We are trying to get into a smaller house (now have a wonderfully huge 800 square foot place that is not well configured). But I am having fun figuring out zoning restrictions. Thanks for the advice…
Also, your links to contact you and the charter do not work.

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BruceMcF 01/09/2010 at 12:23 pm

As an adjunct to the accessory structure clause, in an area without a limit on number of accessory structures, one approach is a Tiny House Village, with the main structure being a weatherproof (but not necessarily heated) structure designed to qualify as the main structure, and placed to be the in-fact-accessory structure to a number of Tiny Houses.

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Mary C. Charest 01/12/2010 at 8:49 am

Good Morning,

Saw your Blog!

I am currently writing a series of “small books”. My nitch is to write small books that people will treasure and want to read over and over again.

In an age of “rush, rush, rush…” most people do not have the time to read longer books.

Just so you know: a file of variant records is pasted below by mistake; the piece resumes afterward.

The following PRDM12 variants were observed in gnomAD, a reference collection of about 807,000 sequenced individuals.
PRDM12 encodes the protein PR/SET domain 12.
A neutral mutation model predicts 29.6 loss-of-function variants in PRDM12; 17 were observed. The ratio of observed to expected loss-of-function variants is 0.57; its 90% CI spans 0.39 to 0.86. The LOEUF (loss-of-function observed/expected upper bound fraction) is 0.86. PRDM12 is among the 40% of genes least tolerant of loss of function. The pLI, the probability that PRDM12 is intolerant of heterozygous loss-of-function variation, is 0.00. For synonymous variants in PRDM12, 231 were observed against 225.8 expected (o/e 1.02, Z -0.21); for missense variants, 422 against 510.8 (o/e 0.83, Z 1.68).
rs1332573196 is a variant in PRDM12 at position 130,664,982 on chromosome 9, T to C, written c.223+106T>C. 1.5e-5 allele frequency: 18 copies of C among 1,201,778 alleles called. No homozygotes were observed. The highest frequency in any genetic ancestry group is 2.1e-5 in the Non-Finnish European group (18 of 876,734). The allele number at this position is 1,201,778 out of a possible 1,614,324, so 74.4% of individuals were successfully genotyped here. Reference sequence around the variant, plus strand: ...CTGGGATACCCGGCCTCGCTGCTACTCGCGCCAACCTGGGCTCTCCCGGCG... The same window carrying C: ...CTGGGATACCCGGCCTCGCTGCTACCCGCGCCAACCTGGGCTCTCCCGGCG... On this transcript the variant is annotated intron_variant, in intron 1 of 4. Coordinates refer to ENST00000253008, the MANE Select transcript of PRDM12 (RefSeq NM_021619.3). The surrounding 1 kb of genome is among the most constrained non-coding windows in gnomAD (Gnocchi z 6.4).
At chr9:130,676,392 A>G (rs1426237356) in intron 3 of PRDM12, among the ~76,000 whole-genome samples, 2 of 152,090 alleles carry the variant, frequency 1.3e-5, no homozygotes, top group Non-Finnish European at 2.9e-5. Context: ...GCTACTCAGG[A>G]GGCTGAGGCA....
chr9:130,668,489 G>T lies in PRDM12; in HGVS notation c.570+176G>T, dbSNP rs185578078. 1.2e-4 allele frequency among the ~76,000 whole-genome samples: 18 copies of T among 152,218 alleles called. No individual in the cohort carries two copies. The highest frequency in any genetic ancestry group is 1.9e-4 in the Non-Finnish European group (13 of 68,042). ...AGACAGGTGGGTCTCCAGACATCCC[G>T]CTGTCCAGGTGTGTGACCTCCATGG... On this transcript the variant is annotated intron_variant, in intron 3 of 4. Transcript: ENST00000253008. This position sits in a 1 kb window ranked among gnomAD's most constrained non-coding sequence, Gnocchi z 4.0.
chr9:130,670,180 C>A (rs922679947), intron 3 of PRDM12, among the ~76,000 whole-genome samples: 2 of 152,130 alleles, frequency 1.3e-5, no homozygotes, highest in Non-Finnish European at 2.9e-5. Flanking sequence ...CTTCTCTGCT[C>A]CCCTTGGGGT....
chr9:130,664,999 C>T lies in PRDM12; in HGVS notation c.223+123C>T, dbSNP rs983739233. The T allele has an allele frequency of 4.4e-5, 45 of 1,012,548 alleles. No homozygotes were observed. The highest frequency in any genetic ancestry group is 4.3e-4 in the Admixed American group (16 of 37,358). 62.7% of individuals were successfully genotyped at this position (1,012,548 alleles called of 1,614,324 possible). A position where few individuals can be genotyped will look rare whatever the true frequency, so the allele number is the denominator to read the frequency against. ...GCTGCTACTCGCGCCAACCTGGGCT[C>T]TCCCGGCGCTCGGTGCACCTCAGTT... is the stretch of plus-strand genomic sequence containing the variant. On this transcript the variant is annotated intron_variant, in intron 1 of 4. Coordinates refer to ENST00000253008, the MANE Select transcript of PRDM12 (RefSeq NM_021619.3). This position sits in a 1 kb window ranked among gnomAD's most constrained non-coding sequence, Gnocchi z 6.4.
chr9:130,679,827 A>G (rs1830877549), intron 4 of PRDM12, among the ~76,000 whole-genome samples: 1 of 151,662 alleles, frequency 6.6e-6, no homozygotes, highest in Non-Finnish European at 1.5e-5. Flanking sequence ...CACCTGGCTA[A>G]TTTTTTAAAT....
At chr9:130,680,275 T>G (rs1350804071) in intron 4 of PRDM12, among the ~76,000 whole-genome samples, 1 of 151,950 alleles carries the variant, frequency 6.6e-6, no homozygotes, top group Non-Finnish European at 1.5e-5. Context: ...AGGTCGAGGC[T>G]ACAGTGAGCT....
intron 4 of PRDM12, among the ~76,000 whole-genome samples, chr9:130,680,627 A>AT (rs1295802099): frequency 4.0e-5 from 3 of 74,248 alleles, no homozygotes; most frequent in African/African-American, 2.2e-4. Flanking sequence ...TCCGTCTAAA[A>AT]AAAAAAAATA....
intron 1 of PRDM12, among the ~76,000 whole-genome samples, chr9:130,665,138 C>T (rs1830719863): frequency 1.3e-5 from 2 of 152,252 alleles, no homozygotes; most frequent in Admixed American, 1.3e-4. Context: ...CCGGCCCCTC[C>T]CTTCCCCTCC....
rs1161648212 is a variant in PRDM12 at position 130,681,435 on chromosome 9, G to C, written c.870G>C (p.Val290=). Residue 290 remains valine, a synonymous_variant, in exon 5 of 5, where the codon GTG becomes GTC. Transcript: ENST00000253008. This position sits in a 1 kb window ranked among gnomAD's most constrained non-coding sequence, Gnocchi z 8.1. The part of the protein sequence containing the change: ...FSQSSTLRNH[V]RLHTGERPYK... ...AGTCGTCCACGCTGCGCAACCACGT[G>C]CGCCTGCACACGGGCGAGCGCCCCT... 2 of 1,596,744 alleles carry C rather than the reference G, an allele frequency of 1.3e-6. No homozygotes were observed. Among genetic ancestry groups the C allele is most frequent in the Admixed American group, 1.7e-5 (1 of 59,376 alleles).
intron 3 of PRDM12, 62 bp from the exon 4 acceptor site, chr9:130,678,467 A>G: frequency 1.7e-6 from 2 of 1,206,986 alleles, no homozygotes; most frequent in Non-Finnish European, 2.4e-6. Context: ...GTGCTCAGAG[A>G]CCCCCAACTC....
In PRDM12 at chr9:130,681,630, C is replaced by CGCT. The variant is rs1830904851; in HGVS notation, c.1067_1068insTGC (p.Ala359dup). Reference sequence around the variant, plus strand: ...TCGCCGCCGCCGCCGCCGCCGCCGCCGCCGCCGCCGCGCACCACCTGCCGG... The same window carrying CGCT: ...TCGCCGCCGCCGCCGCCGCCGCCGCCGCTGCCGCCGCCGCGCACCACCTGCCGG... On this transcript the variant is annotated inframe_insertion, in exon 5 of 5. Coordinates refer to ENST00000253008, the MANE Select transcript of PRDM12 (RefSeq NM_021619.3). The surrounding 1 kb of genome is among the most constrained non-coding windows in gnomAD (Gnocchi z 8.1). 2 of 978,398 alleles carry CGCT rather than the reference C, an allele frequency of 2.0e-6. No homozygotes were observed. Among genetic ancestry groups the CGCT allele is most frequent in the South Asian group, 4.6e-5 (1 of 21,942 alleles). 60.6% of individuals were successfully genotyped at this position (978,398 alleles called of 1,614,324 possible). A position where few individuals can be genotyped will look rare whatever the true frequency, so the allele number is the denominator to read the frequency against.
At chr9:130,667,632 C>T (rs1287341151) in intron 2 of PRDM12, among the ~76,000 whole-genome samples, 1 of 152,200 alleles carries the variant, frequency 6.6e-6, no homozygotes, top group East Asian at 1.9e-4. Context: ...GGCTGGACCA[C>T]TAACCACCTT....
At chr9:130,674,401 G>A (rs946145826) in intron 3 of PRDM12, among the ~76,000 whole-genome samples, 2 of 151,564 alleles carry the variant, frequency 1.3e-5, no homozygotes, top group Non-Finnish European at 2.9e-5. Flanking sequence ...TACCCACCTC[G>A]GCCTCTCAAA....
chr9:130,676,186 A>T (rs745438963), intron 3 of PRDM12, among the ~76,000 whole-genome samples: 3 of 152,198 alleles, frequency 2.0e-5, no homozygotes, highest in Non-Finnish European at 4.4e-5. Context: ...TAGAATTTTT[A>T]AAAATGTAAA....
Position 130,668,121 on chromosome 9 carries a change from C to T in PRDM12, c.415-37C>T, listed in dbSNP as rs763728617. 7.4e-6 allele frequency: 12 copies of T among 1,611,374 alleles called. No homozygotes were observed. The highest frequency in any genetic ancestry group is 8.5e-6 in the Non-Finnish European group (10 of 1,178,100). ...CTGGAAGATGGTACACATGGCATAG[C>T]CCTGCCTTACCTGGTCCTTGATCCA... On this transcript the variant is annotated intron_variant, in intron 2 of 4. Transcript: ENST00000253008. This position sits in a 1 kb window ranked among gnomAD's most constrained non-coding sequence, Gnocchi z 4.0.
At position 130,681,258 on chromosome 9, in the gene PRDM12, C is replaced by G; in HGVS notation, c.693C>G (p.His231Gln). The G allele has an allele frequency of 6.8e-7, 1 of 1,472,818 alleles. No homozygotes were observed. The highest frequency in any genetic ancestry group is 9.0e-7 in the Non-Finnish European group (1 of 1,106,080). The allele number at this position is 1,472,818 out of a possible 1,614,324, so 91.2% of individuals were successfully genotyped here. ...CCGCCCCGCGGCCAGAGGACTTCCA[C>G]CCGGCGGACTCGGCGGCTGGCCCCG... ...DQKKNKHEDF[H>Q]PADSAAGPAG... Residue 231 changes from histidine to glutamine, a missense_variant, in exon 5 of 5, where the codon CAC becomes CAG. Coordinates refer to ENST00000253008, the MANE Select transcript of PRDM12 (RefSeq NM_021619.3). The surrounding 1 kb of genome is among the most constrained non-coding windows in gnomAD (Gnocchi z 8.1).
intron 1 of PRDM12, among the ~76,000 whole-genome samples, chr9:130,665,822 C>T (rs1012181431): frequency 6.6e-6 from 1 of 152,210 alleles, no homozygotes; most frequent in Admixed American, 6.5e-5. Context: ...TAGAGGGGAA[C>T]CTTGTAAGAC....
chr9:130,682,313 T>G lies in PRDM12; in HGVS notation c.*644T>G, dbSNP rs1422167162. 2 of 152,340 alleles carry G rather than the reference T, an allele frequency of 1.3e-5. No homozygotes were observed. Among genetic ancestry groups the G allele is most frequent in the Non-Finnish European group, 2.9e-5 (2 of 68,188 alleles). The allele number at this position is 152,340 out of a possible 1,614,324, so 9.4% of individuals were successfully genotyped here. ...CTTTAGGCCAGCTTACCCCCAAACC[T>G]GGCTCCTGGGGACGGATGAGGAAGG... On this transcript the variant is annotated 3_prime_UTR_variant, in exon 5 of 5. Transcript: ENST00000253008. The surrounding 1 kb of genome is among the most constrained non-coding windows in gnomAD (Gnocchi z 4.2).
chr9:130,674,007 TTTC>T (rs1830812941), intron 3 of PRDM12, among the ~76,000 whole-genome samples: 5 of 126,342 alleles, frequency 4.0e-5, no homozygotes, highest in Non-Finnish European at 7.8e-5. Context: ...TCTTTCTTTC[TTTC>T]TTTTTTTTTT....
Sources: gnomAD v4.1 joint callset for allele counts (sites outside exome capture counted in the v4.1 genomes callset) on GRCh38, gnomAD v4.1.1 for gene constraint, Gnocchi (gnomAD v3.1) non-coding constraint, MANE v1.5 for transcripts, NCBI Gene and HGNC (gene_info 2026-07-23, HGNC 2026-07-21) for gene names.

The first two books will be called American Gothic Modified: Living a Disabled yet Self Sustainable Life.

My desire, for these books, is one of timeless elegance that is eco-friendly. Beautiful bounding that will last, yet recycled paper for the pages.

I am a published writer and playwright.

I have 3.5 more years trapped in NJ suburban hell (my youngest son will be 18 at that time). I can’t afford to declare disability – and now I have no insurance – but I WILL NEVER give up!

Please provide a few paragraphs, quotes or anecdotes if you feel so inclined.

Hope to hear from you soon.

Thank you!

Mary C. Charest
maryccharest@yahoo.com

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Marc Boese 03/24/2010 at 10:20 am

I’ve recently built a tiny house, and am having a bear of a time with the city of Jacksonville, Fl. You can’t live in an RV (which it really isn’t), and you can’t get permits on a small house (under 225 square feet in the latest case.) They don’t have a checkbox for it, so they want it gone.

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Kelly 02/14/2013 at 8:42 am

Marc that is upsetting to hear I am from Jacksonville but currently live about 2 hours away. What about one of the RV parks off of I-295?

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thistinyhouse 03/24/2010 at 6:56 pm

Hi Mark,
I sympathize with you. Have you considered writing a nice letter to your local officials, citing some points from what Jay Shafer and others have already put out there? This would be a great media piece… I’m sure the local news would eat it up. Best of luck and let us know how it goes!